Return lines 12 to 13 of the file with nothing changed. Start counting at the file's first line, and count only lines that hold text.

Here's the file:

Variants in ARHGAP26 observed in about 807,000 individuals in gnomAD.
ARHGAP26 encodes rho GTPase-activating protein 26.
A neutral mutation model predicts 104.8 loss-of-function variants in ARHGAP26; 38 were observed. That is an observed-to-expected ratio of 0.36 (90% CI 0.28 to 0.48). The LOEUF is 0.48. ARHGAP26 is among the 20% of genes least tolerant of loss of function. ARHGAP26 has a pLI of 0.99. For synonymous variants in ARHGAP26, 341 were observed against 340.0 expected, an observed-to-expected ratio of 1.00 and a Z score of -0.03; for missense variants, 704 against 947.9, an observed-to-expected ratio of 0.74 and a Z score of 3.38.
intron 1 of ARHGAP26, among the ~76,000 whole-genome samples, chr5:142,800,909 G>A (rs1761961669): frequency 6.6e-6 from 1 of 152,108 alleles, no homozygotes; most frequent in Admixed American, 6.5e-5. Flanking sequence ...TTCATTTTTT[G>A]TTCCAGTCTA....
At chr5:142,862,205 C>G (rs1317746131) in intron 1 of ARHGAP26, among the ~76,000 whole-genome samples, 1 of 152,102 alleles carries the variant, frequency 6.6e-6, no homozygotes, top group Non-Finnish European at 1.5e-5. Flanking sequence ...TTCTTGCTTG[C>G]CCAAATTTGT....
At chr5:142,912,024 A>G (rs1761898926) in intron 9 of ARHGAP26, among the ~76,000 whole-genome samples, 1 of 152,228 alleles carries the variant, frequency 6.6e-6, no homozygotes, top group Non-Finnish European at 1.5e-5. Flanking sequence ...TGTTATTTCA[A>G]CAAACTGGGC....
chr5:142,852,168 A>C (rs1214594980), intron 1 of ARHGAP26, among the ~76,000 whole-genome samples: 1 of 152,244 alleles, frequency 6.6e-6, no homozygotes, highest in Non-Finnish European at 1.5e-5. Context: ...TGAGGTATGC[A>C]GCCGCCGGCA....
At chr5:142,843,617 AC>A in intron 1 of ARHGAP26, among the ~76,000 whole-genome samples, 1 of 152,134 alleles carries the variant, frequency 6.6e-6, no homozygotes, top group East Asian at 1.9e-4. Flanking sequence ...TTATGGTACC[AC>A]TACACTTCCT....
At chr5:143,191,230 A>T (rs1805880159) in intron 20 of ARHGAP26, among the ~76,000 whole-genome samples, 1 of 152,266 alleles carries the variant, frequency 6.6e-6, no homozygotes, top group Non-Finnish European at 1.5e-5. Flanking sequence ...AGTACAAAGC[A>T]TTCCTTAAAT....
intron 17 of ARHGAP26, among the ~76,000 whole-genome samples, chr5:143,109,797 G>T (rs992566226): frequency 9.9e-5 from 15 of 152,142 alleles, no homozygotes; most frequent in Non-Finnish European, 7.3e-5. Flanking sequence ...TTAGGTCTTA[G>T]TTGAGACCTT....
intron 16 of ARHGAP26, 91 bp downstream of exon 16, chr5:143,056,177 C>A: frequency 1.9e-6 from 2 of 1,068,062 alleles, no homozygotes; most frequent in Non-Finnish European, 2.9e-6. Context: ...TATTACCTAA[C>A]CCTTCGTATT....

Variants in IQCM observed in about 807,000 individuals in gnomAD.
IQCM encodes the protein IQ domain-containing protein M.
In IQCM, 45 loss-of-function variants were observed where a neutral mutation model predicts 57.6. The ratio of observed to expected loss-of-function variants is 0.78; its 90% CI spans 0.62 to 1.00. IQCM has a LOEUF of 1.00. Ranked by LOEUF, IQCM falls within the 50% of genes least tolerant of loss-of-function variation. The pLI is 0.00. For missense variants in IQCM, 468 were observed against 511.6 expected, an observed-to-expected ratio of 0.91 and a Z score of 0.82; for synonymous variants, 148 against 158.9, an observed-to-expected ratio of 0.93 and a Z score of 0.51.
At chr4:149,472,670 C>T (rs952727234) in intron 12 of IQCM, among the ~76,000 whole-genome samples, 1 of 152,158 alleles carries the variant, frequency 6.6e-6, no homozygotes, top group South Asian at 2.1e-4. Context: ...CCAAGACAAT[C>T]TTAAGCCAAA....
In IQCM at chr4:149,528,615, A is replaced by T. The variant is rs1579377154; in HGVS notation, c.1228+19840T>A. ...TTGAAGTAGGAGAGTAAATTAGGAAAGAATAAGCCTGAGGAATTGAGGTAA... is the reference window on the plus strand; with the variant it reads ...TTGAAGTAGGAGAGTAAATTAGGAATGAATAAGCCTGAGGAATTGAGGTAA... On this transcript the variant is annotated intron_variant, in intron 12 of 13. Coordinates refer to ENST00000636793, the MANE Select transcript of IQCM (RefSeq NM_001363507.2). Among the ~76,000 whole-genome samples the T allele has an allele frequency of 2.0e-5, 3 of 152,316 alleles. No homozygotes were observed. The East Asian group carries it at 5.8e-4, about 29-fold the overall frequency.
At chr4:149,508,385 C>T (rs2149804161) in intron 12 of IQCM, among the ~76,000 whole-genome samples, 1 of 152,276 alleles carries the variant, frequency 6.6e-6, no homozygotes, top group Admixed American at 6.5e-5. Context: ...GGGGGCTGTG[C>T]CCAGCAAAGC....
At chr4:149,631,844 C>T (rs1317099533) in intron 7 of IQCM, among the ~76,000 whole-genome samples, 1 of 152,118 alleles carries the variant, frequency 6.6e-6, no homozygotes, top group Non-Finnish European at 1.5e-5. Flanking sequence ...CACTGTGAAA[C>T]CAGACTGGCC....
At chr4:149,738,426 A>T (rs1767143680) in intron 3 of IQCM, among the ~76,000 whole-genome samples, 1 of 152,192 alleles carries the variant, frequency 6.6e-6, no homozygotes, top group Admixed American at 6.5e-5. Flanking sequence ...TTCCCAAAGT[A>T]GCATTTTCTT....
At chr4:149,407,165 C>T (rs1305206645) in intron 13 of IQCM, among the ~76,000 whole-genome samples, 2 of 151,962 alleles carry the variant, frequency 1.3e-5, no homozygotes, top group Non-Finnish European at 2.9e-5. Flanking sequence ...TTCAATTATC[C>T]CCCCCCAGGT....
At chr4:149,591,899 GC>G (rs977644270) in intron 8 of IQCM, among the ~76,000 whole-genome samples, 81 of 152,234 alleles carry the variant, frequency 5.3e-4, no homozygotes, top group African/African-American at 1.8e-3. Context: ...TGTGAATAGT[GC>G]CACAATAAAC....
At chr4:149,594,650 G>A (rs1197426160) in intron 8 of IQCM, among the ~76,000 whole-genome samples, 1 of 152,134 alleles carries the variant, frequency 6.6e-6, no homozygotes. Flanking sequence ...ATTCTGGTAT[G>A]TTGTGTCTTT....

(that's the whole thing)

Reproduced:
Variants in IQCM observed in about 807,000 individuals in gnomAD.
IQCM encodes the protein IQ domain-containing protein M.